Here’s what you need to know about the similarities and differences between urinary tract infections and yeast infections:

Urinary Tract Infections

Cause: Most commonly caused by an overgrowth of bacteria in the urinary tract.

Symptoms: Burning feeling when you pee. Frequent or intense urges to pee, even when you don’t have much urine to pass. Cloudy or dark urine, possibly with a strong odor. If your kidneys are affected you might experience bloody urine, fever, chills, nausea or vomiting.

Treatment: Usually antibiotics prescribed by your healthcare provider.

Prevention: Stay hydrated. Urinate when you feel the urge; don’t “hold it.” Urinate after sex. Wear cotton underwear, or underwear with a cotton panel, and avoid wearing tight-fitting pants or shorts. After a bowel movement, wipe front to back.

Important Facts You Need to Know: A UTI can be found anywhere in the urinary tract, including the bladder, ureters, urethra, and kidneys. If left untreated, a Urinary Tract Infection can cause severe kidney damage or result in a life-threatening blood infection.

Yeast in Urine Infections

Cause: Usually caused by a fungus called Candida albicans.

Symptoms: Painful urination. Vaginal itchiness, burning or soreness. Vaginal discharge that may be thick and white. Pain during sex. Swelling or redness of the vulva.

Treatment: Usually an over-the-counter product such as an antifungal cream.

Prevention: Wear cotton underwear, or underwear with a cotton panel, and avoid wearing tight-fitting pants or shorts. Change out of sweaty workout clothes or wet swimsuits as soon as you can. Some experts recommend eating yogurt containing live cultures of Lactobacillus acidophilus or probiotics.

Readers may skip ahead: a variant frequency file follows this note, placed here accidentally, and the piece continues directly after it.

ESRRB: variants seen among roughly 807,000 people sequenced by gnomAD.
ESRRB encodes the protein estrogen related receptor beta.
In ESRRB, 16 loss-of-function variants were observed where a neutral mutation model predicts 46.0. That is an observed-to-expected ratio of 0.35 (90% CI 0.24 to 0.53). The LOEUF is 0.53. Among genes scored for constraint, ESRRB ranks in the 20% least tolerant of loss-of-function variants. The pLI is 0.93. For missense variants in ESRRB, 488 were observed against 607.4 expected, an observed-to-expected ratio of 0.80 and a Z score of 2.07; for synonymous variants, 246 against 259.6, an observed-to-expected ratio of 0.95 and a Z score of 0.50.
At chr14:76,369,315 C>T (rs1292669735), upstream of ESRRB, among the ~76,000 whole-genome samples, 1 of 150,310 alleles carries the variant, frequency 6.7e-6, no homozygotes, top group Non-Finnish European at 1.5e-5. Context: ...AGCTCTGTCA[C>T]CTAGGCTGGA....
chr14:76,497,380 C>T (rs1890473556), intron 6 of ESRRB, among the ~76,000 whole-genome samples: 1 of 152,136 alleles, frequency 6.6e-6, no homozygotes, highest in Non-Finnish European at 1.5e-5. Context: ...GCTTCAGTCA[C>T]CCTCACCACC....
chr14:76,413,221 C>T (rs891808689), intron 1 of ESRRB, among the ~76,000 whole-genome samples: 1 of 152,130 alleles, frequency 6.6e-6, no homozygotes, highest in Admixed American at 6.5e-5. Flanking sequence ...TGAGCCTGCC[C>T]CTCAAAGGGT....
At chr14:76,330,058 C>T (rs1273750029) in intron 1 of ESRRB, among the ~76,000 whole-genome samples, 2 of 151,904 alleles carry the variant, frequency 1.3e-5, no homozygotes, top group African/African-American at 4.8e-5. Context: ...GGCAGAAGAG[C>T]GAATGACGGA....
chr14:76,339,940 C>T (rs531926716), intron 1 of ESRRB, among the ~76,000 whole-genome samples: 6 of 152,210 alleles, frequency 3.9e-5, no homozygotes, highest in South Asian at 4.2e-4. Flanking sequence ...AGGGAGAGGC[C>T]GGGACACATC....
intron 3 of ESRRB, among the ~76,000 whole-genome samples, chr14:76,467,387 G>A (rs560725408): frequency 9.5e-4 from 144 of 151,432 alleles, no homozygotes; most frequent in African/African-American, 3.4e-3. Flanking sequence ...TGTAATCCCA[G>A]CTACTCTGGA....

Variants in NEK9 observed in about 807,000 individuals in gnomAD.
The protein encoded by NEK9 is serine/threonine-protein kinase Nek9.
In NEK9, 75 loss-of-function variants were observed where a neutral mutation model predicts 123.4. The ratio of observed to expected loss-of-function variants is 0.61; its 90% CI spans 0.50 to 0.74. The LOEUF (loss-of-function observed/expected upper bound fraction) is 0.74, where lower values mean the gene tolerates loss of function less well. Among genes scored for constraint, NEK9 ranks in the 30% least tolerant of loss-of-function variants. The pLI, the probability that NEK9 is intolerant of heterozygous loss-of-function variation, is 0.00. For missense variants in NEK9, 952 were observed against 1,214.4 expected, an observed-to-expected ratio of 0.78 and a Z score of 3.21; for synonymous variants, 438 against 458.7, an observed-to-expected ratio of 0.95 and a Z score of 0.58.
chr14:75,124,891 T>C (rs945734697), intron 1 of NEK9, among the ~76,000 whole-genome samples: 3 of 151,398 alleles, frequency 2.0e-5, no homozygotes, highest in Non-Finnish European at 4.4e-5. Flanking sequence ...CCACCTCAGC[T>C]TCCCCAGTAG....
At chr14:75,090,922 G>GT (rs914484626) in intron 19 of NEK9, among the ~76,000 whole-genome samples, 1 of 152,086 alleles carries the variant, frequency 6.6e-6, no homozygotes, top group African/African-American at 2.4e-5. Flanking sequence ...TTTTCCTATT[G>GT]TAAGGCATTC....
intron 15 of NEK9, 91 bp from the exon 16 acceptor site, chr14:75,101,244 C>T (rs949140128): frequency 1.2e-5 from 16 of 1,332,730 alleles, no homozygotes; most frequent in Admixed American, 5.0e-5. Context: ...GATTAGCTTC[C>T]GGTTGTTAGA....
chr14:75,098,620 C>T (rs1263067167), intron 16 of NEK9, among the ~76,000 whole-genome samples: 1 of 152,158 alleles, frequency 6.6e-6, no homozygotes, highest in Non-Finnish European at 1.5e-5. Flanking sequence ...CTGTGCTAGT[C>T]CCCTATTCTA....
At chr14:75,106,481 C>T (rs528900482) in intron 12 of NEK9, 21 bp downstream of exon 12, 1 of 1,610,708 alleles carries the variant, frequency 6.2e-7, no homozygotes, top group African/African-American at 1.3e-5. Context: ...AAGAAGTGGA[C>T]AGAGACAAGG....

Important Fact you Need to Know: Yeast infections can affect parts of the body other than the vagina, including the mouth.

Yeast in Urine Treatment

Although most vaginal yeast infections can be treated with over-the-counter medications. A woman should confirm the diagnosis with her doctor to ensure proper treatment. Other conditions may produce symptoms that are similar to those of a vaginal yeast infection, and some yeast infections may have a more serious disease as an underlying cause.

Women who have vaginal yeast infections that recur should seek professional medical help. Recurrent vulvovaginal candidiasis (VVC) is a condition defined as four or more proven episodes of vaginal yeast infections per year. Every often urine test should be carried out to rule out any yeast in urine.

Can You Drink a Lot of Water to Get Rid of Yeast in Urine?

There are several home remedies to combat yeast in urine like cranberries, garlic and yogurt, but water is one of the best remedy. You will urinate more frequently if you intake more water thus flushing out the sugars that can cause yeast infections.

Medically Reviewed By
Dr. Sameer Kumar (MBBS, MS, FMAS, DMAS)Obstetrician & Gynecologist